Royals Positional Depth Charts – Right Handed Relievers
Heading into last season it would have been a pretty simple proposition to line up an organizational depth chart at each position considering the Royals had the #1 farm system based primarily on the strength at the top. A year later with the graduation of 9 different prospects the organization looks much different but despite that large number of graduations the farm system was still rated the #3 overall talent organization in all of baseball according to Baseball America. This ranking was built largely on the overall depth something I‚Äôll show you over the next few days.
Right Handed Relievers
The Royals have enjoyed the work of a few good closers in their time with the likes of Dan Quisenberry, Jeff Montgomery and Joakim Soria running from the caged fence. ¬†It’s not always about the closer role as we all know the bullpen has become a cost-effective way for a team with fewer funds to compete, if you can continually run controlled arms at reasonable contracts in the 7th, 8th and even 9th then a team like Kansas City can afford to spend elsewhere. ¬†With that knowledge Kansas City will have to continue to develop similar right-handed arms to what they ran through last year in Greg Holland, Blake Wood and Louis Coleman if they want to compete with bigger markets Detroit and Chicago.
#1 Kelvin Herrera – Herrera has been my personal cheeseball of the Royals franchise since his first years in Burlington back in 2008. ¬†I’ve always loved his combination of three pitches and low to mid 90s velocity while having the ability to throw strikes at such a young age with all three pitches. ¬†If it wasn’t for injuries we would be talking about Herrera and his arsenal pushing for a spot in the rotation but with the arm problems we now find him pushing for a spot in the this years bullpen. ¬†Last year brought a spike in velocity to triple digits to go with his good curve and change-up giving Kelvin a chance to be this years version of Greg Holland as a shut down arm in the 6th, 7th and 8th.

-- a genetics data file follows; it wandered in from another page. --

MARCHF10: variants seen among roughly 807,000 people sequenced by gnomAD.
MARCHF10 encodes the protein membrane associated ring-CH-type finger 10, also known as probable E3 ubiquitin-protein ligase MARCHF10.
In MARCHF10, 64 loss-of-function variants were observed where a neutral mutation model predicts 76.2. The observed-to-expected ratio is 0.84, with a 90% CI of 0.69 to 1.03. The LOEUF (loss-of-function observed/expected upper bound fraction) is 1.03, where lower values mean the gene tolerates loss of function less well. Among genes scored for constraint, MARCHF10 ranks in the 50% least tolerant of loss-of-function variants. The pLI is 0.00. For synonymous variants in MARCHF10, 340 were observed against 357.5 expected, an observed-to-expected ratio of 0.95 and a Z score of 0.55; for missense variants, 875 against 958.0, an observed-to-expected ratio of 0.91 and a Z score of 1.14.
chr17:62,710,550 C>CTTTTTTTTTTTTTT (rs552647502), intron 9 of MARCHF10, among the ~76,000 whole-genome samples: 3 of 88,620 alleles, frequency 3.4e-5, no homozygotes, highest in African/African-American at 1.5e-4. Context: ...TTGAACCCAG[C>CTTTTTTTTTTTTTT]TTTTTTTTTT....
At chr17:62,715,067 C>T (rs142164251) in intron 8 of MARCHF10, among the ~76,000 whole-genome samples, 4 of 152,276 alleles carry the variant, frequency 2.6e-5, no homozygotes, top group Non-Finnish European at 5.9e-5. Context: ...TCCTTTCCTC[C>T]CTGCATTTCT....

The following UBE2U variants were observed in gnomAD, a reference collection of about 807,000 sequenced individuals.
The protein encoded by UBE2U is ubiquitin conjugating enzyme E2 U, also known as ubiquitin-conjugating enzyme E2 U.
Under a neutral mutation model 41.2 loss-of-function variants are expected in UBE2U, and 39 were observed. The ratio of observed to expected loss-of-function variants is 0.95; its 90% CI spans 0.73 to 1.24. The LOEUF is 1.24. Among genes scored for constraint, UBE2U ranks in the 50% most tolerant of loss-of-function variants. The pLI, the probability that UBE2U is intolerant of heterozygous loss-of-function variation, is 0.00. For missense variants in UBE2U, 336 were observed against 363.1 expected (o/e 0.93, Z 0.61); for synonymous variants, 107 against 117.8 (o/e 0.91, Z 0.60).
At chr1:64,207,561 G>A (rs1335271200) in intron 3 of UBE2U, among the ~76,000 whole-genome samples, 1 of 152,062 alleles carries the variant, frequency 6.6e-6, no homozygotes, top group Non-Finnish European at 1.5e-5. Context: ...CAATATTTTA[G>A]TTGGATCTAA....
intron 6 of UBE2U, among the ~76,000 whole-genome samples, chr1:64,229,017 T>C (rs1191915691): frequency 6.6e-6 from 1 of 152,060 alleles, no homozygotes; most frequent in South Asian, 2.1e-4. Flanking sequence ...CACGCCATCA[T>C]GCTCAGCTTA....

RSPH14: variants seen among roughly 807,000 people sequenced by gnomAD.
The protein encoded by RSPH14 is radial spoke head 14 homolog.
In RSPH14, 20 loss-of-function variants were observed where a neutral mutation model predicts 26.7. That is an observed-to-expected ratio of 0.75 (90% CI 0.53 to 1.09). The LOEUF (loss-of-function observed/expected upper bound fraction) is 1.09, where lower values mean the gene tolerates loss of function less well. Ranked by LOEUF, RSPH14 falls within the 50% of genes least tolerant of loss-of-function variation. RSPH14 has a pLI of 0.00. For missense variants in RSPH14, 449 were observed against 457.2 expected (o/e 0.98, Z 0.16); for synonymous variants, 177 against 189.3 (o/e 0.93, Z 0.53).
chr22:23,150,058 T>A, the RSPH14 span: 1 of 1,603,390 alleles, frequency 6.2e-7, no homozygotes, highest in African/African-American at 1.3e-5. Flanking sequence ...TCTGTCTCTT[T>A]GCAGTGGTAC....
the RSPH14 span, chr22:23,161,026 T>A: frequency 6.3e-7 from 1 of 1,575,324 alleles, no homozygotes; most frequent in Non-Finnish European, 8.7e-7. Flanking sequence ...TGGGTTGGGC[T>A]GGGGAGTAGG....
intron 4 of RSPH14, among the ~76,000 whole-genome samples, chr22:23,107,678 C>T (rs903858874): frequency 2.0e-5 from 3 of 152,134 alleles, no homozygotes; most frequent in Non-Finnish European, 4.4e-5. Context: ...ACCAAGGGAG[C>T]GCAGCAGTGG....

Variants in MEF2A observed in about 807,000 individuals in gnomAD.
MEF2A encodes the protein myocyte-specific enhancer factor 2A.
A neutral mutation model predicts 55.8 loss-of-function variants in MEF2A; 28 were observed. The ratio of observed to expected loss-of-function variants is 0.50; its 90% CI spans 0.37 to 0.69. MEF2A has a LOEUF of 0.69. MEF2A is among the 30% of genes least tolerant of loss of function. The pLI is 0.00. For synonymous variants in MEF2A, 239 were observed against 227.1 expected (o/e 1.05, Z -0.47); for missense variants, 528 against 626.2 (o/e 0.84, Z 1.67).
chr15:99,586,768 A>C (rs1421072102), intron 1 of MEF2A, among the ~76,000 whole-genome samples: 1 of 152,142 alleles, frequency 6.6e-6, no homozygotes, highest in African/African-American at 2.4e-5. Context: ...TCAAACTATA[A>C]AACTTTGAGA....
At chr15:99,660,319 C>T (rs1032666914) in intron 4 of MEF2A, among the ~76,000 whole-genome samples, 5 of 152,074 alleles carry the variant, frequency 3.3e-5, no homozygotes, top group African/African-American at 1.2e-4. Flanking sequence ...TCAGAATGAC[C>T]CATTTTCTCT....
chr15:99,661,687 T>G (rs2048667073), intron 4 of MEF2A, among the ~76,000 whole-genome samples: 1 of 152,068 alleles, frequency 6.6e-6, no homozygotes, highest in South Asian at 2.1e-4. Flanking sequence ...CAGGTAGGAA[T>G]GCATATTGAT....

#2 Patrick Keating – Keating encountered arm problems last season but his fellow Florida buddy and roommate Kevin Chapman says that Keating’s arm is fresh and ready to go for this year. ¬†Keating when healthy features a good 91-95 mph fastball and solid breaking ball while also toting a show me change-up. ¬†He doesn’t have huge closer upside but could be a nice fill in 7th inning arm down the line to fill in if GMDM would choose to trade someone.
#3 Elisaul Pimentel – Probably a surprise name to see here at #3 but I really like Pimentel’s upside out of the pen. ¬†In a rotation role Pimentel two pitches aren’t quite enough since he has trouble repeating mechanics and doesn’t have a usable change. ¬†Out of the pen though I think his fastball could play up into the mid 90s range than the lower range currently and his slider is good enough pitch to combine with it in short stints. ¬†He’s pitched better against lefties than righties because of his ability to put his slider in on lefties but a raise¬†in velocity with his fastball could make the slider a plus pitch versus righties as well. ¬†Pimentel is my pick for a bullpen arm to push his way to Omaha soon and perhaps get an inning or two in Kansas City in September.
#4 Kendal Volz – Acquired in the Mike Aviles trade Volz a former starter from Baylor features a low 90s fastball, a couple of breaking balls with his big 6’5 frame. ¬†His arsenal and results are much better for a long reliever than a 7th and 8th inning option but he could also be used in RH vs RH matchups if his results from last year remain constant (sub .500 OPS).
Edwin Carl - I have lots of doubts but Carl’s numbers at Idaho Falls were remarkable at 19+ K/9.
Michael Mariot – Long reliever potential will get a test in AA this season.
Ali Williams – Big fastball already touching 96 with a slider could zip through the lower levels this season.
About The Author
Leave a Comment
You must be logged in to post a comment.